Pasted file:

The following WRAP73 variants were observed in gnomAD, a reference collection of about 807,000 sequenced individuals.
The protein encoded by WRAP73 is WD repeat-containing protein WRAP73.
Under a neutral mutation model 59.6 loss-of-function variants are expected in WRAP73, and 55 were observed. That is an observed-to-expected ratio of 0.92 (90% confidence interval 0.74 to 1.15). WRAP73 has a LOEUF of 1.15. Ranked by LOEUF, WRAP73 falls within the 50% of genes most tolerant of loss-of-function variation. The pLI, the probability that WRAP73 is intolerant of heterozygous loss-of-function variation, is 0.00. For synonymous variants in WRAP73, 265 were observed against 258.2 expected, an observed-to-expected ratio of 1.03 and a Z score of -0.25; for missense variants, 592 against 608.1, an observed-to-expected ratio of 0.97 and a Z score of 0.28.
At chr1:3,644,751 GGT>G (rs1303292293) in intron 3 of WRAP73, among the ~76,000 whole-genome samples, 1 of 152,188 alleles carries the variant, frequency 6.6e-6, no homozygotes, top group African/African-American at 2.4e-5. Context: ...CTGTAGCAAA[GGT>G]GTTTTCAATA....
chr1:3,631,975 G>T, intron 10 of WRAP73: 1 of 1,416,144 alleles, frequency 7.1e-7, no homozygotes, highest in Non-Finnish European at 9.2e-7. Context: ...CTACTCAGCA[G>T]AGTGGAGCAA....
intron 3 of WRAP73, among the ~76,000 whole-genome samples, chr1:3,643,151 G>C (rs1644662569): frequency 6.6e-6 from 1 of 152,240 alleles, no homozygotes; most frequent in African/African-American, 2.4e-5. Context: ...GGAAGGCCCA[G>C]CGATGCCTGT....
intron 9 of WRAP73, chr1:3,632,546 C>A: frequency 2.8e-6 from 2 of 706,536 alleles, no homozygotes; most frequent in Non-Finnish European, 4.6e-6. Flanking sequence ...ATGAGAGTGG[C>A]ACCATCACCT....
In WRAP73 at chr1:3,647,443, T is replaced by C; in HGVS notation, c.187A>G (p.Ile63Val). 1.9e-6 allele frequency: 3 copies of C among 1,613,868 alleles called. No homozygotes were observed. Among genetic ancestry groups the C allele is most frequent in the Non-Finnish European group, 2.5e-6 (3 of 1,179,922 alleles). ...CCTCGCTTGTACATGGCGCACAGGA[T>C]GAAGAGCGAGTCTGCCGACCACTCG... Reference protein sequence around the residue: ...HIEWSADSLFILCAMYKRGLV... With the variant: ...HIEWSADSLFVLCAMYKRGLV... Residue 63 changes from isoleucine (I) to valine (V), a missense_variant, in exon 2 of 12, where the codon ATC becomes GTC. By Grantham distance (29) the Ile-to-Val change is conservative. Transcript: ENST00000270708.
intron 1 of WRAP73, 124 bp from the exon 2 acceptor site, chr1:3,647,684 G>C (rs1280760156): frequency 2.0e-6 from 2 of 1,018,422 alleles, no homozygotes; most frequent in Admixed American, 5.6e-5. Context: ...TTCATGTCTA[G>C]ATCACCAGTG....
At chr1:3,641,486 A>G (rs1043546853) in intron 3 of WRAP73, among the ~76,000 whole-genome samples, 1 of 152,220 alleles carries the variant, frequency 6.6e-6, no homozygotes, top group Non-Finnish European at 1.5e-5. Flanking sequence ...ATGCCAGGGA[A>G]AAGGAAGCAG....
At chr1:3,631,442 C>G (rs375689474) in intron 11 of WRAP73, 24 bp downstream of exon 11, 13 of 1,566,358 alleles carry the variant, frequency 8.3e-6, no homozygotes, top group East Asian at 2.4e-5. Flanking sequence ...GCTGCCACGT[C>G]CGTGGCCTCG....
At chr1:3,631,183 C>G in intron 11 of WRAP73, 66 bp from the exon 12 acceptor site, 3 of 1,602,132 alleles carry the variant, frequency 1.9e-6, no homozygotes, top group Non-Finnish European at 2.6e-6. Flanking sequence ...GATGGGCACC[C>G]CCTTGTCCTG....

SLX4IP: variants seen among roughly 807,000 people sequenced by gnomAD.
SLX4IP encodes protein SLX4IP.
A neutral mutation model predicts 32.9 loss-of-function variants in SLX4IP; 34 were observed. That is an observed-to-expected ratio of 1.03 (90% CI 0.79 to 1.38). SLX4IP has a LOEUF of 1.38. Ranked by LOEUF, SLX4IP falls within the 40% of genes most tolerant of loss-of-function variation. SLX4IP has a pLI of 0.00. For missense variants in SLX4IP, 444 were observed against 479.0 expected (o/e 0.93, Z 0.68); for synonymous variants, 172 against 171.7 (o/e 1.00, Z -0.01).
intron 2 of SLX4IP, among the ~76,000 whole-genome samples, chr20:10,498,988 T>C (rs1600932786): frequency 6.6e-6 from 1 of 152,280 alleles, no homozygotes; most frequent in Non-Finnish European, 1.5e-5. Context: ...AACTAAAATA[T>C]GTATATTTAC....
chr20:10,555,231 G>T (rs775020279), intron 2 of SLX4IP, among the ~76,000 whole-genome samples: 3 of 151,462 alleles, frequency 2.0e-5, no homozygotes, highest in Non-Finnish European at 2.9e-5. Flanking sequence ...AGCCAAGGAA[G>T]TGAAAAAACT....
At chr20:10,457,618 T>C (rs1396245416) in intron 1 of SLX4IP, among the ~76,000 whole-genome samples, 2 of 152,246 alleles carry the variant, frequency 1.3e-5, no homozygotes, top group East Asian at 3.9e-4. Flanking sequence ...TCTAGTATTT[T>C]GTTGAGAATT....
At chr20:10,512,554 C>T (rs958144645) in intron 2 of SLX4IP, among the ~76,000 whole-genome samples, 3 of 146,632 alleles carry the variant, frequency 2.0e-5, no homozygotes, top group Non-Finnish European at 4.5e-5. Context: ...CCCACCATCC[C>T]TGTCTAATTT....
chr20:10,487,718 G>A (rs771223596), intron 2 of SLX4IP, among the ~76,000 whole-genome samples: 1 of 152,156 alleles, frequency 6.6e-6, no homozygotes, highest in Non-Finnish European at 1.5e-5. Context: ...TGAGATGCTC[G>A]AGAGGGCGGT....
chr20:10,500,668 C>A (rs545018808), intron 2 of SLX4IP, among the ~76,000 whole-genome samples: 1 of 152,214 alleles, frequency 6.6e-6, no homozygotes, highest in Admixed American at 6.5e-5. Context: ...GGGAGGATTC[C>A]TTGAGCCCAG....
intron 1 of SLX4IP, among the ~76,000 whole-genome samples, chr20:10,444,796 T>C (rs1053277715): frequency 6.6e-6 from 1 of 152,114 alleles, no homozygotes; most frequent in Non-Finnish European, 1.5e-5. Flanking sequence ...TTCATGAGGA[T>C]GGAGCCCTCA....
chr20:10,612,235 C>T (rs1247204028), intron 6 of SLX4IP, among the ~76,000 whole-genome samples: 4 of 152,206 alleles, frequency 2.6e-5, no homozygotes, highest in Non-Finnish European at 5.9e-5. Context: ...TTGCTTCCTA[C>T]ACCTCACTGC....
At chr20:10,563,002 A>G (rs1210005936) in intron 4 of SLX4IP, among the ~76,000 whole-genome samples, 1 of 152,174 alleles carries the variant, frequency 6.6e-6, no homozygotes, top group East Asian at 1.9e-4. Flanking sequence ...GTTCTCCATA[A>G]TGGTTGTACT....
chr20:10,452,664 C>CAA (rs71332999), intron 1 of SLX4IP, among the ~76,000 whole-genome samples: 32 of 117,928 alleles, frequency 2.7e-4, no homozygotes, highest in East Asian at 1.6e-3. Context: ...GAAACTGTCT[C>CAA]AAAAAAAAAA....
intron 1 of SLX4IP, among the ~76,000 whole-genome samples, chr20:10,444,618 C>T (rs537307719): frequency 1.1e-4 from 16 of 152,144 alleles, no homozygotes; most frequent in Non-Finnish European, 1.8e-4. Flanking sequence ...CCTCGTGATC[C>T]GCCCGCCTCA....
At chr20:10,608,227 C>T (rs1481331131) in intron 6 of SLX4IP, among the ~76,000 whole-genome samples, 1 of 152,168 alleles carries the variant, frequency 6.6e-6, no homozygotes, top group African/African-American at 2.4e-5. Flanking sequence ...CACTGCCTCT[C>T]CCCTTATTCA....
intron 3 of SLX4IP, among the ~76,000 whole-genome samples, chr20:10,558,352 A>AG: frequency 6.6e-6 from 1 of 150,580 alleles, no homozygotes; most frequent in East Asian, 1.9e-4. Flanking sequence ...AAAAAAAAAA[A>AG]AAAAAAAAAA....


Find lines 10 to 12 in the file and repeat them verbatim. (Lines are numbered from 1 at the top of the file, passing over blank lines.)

At chr1:3,641,486 A>G (rs1043546853) in intron 3 of WRAP73, among the ~76,000 whole-genome samples, 1 of 152,220 alleles carries the variant, frequency 6.6e-6, no homozygotes, top group Non-Finnish European at 1.5e-5. Flanking sequence ...ATGCCAGGGA[A>G]AAGGAAGCAG....
At chr1:3,631,442 C>G (rs375689474) in intron 11 of WRAP73, 24 bp downstream of exon 11, 13 of 1,566,358 alleles carry the variant, frequency 8.3e-6, no homozygotes, top group East Asian at 2.4e-5. Flanking sequence ...GCTGCCACGT[C>G]CGTGGCCTCG....
At chr1:3,631,183 C>G in intron 11 of WRAP73, 66 bp from the exon 12 acceptor site, 3 of 1,602,132 alleles carry the variant, frequency 1.9e-6, no homozygotes, top group Non-Finnish European at 2.6e-6. Flanking sequence ...GATGGGCACC[C>G]CCTTGTCCTG....